Building a Rails Backend

Adam Chernitsky
5 min readJan 29, 2020

In this blog post I am going to be demonstrating how to build a basic backend using Ruby on Rails. Rails is an easy language to learn luckily for beginners Rails does a lot of stuff for you, unlike Node rails creates your file structure and your controllers, models, and migrations with the use of a few simple commands.

To start out you’ll need to use your terminal, my terminal of choice is ITerm2. If you’d like to use this you can Install ITerm2 by going to https://www.iterm2.com/ then click “Download” at the bottom, and follow the instructions (moving it into your Applications folder when installation is completed).

You’ll also need to install Ruby once you have your local terminal setup: To install Ruby: a) First check if Ruby is installed by entering “ruby -v” in your terminal (ITerm2). If it is installed, you will see a version such as “ruby 2.6.1p33”. b) For installation instructions, if needed, see https://www.ruby-lang.org/en/documentation/installation/

Now that you have a terminal and ruby on your computer we can begin building a rails app. The first command to know is going to set you up a Rails app that comes with a git repository built into it. Type in the command:

This creates a Rails app that will be named “dog-app” make sure to include the - - api at the end. Now that you’ve created this app cd into it and open it in your text editor of choice. Mine is Visual Studio Code. Now you can begin creating your controllers, models, and migrations for your app. For the sake of this app we are going to only use dogs that are pure bred so that the relationship I am going to build makes more sense. For this app each dog will have only one breed but a breed can have many dogs. To make these files with the desired attributes of your class type in the command:

Let’s break down the picture above, rails g is what is creating the files. The g stands for generate, in rails if you’d like you can type this out as “rails generate” I choose to use “rails g” because it is faster, the “resource” is what is going to make the controller, model, and the migrations. In rails you can create the model and the controller separately with “rails g model” or “rails g controller”, once again I chose to use this because it is faster. The first word that comes after resource here is what the name of this table and class is going to be in your backend/database and the following term is an attribute of that class/column of the breed table. In rails the default data type for an attribute is a string, if I want something that’s an integer, say age for example I would type “rails g resource breed name age:integer” as you can see you need a colon and the datatype now. Now for this example I’m building a one to many. So I am going to build my next class/table:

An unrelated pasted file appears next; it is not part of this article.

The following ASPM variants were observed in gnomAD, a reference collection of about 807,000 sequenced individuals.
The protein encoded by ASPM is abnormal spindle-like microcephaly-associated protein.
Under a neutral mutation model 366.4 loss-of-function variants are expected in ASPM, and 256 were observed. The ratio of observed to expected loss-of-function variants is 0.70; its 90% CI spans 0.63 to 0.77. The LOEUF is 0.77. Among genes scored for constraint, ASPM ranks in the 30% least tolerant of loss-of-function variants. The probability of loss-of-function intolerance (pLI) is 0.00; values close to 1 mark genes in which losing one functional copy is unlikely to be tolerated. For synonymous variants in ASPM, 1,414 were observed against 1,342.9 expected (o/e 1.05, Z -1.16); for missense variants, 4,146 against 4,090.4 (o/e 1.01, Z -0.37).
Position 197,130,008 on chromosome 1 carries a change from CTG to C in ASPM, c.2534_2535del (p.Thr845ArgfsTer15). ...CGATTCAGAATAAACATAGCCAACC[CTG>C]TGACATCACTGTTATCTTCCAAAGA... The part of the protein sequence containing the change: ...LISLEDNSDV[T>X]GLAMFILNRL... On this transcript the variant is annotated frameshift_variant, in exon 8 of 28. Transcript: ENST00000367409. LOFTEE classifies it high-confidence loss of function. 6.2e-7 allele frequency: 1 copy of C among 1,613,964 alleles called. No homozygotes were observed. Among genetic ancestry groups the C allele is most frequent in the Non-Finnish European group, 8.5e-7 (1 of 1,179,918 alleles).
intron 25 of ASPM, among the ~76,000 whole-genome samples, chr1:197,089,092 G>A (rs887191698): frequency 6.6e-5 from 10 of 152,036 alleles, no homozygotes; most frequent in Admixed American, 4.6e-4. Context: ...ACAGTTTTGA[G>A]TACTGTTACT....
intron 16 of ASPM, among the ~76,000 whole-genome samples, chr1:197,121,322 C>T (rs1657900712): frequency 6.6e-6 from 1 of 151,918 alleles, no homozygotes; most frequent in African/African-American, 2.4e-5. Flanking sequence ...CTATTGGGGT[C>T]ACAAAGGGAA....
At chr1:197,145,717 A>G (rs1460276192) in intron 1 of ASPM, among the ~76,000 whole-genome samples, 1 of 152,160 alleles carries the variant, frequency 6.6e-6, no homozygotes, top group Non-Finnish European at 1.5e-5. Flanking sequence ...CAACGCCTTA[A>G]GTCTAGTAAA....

Now with this table you’ll notice the breed:references, that’s because of how this relationship is set up. A Breed has many dogs but a dog belongs to one breed (or in this example). Since a dog belongs to a breed you give it the references. From running these commands you’ll see that quite a few files have been created:

Now if you go to the app file in your Rails apps file structure to the side you’ll find a models and controllers folder with the things you just created inside them:

Now in the models if you go to dog.rb you’ll notice that it’s a little different from breed.rb:

The belongs_to :breed in here came from our breed:references attribute that we typed in earlier. Now in the Breed model we’re going to add one easy line of code to finish building this relationship:

Now that this relationship is built you can see and verify your attributes are what you desired by checking your migration files in the db/migrate folder:

Since all of this checks out we can now make a couple seeds for the database. In the db folder you should see a seeds.rb file. In here is where we can begin creating some instances to put in the database:

As you can see here when we create an instance of a dog it has a reference to a breed. You will also see the Dog.destroy_all and Breed.destroy_all, these are here so that if you need to reseed your database the old one is destroy and all of the seeds are wiped clean so that you start with a blank sheet. Now that you have made a couple seeds you’ll need to run a few commands.

This will officially create and migrate the database tables you created earlier. and you’ll have to run this command:

This will add the seeds from your seed file into the database.

We have now successfully create a backend with some tables, some seeds, and a relationship built. The next steps would be to add your actions to each of the controllers so you can perform CRUD on these classes, and if you wish to link this to a frontend browser web app you would need to uncomment out CORS(cross origin resource sharing). In this blog post I won’t get to CRUD and CORS, but keep an eye open for future posts about it!

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